The new collection was ground-breaking, as the group presented techniques and colour schemes that had never been implemented or combined before. One of the group’s most famous designs is the Super lamp, which was a dark blue-painted, metal semi-circle with primary coloured, rainbow sockets in which six exposed light bulbs were fitted. Along the bottom were four wheels, which allowed for it to be moved around. It was made by Martine Bedin, who described the Super lamp as something “like a small dog that I could carry with me.” Another quintessential piece in the collection was the Bel Air Chair – a bright, candy-apple red armchair with a back shaped like a shark fin. The piece challenged the traditional idea of how a chair should be made, comprising different shapes, and replacing a traditional chair leg with a neon orange wooden ball. Designed by sculptor Peter Shire in 1982, the title Bel Air Chair was named after the Hotel Bel-Air in Beverly Hills, drawing inspiration from the Los Angeles Art Deco scene.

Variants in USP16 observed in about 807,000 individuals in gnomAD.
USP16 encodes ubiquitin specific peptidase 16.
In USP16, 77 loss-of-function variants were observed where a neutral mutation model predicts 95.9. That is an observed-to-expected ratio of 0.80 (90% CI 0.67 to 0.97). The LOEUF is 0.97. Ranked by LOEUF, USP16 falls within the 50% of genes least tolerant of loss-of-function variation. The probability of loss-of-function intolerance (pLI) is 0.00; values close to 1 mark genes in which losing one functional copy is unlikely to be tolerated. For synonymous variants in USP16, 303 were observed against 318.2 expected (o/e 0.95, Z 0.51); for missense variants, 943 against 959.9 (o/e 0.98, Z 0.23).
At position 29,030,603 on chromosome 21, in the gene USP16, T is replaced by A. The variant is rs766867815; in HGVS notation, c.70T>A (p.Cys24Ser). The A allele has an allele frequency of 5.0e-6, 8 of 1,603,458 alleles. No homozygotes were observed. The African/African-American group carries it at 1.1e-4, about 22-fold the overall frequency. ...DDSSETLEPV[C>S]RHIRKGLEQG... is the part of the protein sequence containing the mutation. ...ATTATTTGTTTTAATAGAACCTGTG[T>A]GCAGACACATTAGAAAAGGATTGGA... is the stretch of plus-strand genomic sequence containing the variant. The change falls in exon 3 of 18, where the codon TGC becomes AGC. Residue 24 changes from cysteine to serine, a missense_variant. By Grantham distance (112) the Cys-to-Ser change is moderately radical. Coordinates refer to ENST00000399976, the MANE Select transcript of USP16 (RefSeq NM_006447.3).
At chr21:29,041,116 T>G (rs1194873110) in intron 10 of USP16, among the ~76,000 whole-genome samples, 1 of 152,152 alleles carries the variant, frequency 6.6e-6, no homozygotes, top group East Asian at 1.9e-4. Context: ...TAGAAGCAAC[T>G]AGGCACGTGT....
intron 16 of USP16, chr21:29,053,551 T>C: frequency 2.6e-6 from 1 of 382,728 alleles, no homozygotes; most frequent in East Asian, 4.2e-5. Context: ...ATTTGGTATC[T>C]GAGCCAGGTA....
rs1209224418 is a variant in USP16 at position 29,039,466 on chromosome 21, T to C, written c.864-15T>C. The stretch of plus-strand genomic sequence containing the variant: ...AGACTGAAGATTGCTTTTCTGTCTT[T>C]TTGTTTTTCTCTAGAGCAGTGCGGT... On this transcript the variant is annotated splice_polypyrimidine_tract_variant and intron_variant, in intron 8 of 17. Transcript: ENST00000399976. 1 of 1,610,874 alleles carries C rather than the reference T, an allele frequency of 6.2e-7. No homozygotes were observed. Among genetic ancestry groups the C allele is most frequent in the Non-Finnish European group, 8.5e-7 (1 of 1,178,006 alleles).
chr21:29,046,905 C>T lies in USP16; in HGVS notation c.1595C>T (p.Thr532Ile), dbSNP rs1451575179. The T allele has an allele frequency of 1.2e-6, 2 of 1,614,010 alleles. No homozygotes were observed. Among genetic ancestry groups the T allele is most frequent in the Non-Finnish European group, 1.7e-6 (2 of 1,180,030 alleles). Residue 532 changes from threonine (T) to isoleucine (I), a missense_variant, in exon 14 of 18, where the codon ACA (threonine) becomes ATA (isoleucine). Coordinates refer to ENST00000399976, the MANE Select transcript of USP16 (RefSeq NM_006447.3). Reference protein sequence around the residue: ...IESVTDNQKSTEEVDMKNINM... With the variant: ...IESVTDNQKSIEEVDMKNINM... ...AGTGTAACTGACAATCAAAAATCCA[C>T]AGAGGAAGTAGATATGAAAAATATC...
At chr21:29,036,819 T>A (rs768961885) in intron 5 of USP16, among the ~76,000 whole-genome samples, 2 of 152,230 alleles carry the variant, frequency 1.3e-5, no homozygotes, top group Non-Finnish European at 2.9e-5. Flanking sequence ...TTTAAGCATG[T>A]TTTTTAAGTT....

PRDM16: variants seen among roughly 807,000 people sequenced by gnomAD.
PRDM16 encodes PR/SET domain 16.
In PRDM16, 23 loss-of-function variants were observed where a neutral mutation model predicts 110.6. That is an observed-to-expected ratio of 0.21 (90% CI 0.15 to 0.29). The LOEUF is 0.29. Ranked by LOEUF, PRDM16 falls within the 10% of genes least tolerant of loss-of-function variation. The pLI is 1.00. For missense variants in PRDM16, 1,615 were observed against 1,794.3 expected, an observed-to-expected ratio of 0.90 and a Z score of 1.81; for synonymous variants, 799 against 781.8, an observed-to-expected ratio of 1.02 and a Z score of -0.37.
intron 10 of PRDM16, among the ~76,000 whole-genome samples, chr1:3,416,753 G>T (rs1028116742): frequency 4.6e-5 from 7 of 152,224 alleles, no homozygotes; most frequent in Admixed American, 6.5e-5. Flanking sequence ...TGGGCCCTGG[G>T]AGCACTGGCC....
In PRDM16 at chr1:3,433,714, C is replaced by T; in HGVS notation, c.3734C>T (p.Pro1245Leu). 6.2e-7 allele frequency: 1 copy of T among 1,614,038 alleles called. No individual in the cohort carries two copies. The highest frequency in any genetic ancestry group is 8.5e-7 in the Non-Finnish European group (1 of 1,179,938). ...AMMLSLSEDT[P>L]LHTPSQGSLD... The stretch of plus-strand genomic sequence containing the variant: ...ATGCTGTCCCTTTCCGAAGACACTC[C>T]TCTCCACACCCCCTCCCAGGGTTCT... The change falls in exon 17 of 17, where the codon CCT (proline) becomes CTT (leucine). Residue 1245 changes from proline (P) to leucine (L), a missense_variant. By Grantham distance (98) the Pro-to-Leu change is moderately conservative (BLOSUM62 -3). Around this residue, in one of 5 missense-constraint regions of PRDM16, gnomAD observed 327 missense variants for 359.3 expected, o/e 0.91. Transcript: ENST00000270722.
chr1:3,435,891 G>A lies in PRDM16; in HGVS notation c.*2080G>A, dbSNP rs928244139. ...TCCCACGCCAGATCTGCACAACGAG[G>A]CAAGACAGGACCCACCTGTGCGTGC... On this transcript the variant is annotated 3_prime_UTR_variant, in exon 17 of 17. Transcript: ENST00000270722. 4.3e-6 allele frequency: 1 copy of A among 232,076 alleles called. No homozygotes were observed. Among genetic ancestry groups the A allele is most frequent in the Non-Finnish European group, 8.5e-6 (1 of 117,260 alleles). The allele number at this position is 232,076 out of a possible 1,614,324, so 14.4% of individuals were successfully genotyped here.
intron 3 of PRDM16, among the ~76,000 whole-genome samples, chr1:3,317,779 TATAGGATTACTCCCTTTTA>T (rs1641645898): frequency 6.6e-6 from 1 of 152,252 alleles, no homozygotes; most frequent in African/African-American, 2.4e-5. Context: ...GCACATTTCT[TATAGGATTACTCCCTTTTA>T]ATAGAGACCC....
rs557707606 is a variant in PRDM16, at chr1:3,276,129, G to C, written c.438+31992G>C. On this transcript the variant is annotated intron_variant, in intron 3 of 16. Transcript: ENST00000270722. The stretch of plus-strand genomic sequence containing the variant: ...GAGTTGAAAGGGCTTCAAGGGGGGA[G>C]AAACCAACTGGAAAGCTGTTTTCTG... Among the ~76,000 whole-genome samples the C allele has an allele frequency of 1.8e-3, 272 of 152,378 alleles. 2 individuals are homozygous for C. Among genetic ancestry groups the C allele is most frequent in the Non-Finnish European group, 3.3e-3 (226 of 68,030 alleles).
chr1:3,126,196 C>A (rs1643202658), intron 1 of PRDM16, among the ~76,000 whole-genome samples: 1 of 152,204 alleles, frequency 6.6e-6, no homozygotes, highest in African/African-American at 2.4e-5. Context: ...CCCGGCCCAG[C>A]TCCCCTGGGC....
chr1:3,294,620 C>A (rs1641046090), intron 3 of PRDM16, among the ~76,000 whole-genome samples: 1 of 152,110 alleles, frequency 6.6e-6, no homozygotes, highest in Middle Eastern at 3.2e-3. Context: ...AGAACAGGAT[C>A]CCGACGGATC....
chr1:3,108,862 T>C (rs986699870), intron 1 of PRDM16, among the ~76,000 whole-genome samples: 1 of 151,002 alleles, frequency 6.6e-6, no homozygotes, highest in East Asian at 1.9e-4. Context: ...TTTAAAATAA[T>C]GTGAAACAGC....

Adam Trunoske, a Specialist of 20th Century Design at Sotheby’s, told Something Curated: “Colour and pattern were integral to the Memphis Group. The prevailing aesthetic at the time was a revival of modernist designs from the 1920s and 30s (i.e. Bauhaus) with the focus on functionalism and clean lines. Sottsass and his associate designers wanted nothing to do with this and actually looked back to the 1950s, choosing inexpensive ‘wipe-clean’ materials such as plastic-laminated plywood. They chose to use what some may describe as clashing colours and patterns. Combined with extreme angular forms, these colours spoke volumes and went directly against the grain of what was fashionable at the time.”